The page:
EVERNIGHT CLAUDIA GRAY FREE PDF

By Claudia Gray. She's been uprooted from her small hometown and enrolled at Evernight Academy, an eerie Gothic boarding school where the students are somehow too perfect: smart, sleek, and almost predatory. Bianca knows she doesn't fit in. Then she meets Lucas. He's not the "Evernight type" either, and he likes it that way. Lucas ignores the rules, stands up to the snobs, and warns Bianca to be careful—even when it comes to caring about him.

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By Claudia Gray. She's been uprooted from her small hometown and enrolled at Evernight Academy, an eerie Gothic boarding school where the students are somehow too perfect: smart, sleek, and almost predatory. Bianca knows she doesn't fit in. Then she meets Lucas. He's not the "Evernight type" either, and he likes it that way. Lucas ignores the rules, stands up to the snobs, and warns Bianca to be careful—even when it comes to caring about him.

But the connection between Bianca and Lucas can't be denied. Bianca will risk anything to be with Lucas, but dark secrets are fated to tear them apart. The old, dry wood of the meetinghouse ignited in an instant. Dark, oily smoke filled the air, scratching my lungs and making me choke. Around me, my new friends cried out in shock before grabbing weapons, preparing to fight for their lives. Arrow after arrow sliced through the air, stoking the flames higher. I knew he would protect me no matter what, but he was in danger, too.

If something happened to Lucas while he was trying to rescue me, I could never forgive myself. But they were ready for us.

Silhouetted against the flames, a dark, forbidding line of figures stood just beyond the edge of the meetinghouse. They had come for me.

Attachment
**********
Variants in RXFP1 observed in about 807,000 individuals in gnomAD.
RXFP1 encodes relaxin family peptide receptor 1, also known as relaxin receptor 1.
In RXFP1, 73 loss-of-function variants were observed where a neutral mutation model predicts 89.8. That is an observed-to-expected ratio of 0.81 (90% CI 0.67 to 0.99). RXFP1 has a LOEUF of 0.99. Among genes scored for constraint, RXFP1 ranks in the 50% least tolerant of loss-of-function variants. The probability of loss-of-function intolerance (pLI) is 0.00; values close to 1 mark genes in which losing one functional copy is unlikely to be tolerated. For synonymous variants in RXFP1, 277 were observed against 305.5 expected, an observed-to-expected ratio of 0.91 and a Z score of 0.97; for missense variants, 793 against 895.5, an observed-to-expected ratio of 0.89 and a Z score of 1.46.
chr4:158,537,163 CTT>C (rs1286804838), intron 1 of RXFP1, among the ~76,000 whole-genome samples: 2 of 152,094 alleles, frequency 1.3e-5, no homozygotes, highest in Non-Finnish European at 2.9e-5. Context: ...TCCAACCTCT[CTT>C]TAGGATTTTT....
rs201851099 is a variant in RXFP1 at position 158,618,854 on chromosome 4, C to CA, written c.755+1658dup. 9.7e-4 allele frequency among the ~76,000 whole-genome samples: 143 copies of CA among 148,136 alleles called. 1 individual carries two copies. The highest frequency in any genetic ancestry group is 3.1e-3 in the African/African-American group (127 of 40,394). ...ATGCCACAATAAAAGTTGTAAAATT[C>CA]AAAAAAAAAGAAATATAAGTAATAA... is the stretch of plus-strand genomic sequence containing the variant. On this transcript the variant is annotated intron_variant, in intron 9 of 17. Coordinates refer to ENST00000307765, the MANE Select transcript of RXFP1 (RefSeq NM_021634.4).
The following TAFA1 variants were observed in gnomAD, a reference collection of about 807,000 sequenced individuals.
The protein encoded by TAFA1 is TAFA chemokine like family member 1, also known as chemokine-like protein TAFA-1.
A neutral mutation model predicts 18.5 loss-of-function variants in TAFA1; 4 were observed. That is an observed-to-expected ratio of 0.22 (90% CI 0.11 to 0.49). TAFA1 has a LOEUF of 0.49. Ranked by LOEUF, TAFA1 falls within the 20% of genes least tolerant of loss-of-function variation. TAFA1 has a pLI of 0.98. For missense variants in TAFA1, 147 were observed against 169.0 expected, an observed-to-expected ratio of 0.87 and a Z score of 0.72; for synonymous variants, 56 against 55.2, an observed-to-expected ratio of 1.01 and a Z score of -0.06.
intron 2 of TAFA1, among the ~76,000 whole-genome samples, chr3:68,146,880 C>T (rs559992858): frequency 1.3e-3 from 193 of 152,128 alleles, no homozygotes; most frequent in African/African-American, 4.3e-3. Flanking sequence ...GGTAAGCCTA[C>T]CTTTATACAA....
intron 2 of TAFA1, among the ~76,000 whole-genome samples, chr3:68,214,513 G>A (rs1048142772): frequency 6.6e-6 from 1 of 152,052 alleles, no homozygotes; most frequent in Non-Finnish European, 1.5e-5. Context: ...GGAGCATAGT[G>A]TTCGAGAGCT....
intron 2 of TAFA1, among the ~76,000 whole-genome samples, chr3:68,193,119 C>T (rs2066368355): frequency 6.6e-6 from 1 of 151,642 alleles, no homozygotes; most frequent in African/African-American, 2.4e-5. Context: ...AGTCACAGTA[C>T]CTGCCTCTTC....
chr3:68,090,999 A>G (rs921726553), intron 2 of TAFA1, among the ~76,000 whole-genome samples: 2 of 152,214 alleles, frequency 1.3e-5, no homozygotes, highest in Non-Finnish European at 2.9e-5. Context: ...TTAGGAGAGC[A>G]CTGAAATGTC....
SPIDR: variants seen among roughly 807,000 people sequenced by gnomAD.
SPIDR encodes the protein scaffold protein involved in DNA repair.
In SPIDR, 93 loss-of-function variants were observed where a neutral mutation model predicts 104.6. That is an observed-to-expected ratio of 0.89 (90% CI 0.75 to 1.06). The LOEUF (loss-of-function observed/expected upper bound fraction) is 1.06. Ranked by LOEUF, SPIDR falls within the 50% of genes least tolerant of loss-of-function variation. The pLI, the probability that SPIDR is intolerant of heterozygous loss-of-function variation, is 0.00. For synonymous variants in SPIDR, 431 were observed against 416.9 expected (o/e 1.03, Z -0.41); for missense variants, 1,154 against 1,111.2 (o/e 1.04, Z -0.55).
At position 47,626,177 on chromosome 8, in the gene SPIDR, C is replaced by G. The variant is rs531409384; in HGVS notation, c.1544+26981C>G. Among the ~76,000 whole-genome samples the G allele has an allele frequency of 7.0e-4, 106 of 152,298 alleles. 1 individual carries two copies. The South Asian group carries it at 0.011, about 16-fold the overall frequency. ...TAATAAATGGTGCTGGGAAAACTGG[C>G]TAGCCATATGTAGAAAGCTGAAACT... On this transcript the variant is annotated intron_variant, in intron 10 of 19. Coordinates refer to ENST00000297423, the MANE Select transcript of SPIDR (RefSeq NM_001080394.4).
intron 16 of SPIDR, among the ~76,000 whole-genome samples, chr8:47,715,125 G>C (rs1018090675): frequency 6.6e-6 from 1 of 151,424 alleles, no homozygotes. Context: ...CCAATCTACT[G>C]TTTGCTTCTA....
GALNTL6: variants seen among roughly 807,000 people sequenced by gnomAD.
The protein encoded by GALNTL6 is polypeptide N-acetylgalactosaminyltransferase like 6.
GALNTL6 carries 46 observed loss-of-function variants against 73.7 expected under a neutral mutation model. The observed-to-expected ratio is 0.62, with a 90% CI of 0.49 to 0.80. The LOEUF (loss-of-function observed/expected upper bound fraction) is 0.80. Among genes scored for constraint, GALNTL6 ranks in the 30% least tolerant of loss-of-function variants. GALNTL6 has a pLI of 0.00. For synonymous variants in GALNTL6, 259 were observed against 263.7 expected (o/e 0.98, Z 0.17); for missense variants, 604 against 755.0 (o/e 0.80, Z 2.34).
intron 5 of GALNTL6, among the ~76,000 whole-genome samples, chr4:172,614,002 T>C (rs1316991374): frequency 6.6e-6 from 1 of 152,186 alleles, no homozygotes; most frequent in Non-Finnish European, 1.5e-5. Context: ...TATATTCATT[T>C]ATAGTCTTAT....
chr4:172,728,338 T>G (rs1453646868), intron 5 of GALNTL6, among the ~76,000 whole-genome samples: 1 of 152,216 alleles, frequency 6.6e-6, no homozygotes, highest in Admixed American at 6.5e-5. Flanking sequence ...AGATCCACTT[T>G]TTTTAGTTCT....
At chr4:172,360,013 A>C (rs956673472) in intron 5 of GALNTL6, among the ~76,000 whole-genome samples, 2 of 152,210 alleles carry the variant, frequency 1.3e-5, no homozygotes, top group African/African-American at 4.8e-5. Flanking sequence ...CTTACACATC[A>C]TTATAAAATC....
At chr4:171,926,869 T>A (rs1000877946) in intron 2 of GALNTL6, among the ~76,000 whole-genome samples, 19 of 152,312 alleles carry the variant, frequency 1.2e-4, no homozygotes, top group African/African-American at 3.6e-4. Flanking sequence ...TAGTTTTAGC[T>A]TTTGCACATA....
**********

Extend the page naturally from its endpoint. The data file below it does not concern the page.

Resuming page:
They had come to punish Lucas for breaking their rules. They had come to kill. There was nowhere to go, no place to run. Soon the ceiling would collapse and crush us all. The muted morning light was still new in the sky as I wriggled into my jeans and grabbed a warm black sweater—this early in the morning, and this high in the hills, even September felt cold.

I knotted my long red hair into a makeshift bun and stepped into my hiking boots. Outside my bedroom window, the stone gargoyle glared at me, fangs framing his open grimace. I grabbed my denim jacket and stuck my tongue out at him. Maybe you like hanging out at the Fortress of the Damned, I muttered. Before I left, I made my bed. Usually it took a lot of nagging to get me to do that, but I wanted to. I knew I was going to freak my parents out badly enough today, so straightening the covers felt like I was making it up to them a little.

Wind howled through the trees all around me, whipping the branches in every direction. The sky overhead churned, thick with roiling clouds.

I brushed my windswept hair from my face. I only wanted to look at the flower. Each rain-beaded petal was vividly red, slender, and blade-like, the way some tropical orchids are. Yet the flower was lush and full, too, and it clung close to the branch like a rose. It had to be mine.

Why did that memory make me shiver? It was only a dream. I took a deep breath and focused. It was time to go. Just a few things—a book, sunglasses, and a little cash in case I needed to go all the way to Riverton, which was the closest thing to human civilization in the area. That would keep me occupied for the day. No, I was making a statement. That was just the way I wanted it. Anything but. Not if they knew how the feeling knots up your stomach or makes your palms sweat or robs you of the ability to say anything that makes sense.

My parents never smiled when they said it. They were smarter than that, and I always felt like they understood, until they decided that age sixteen was the right time for me to get past it somehow.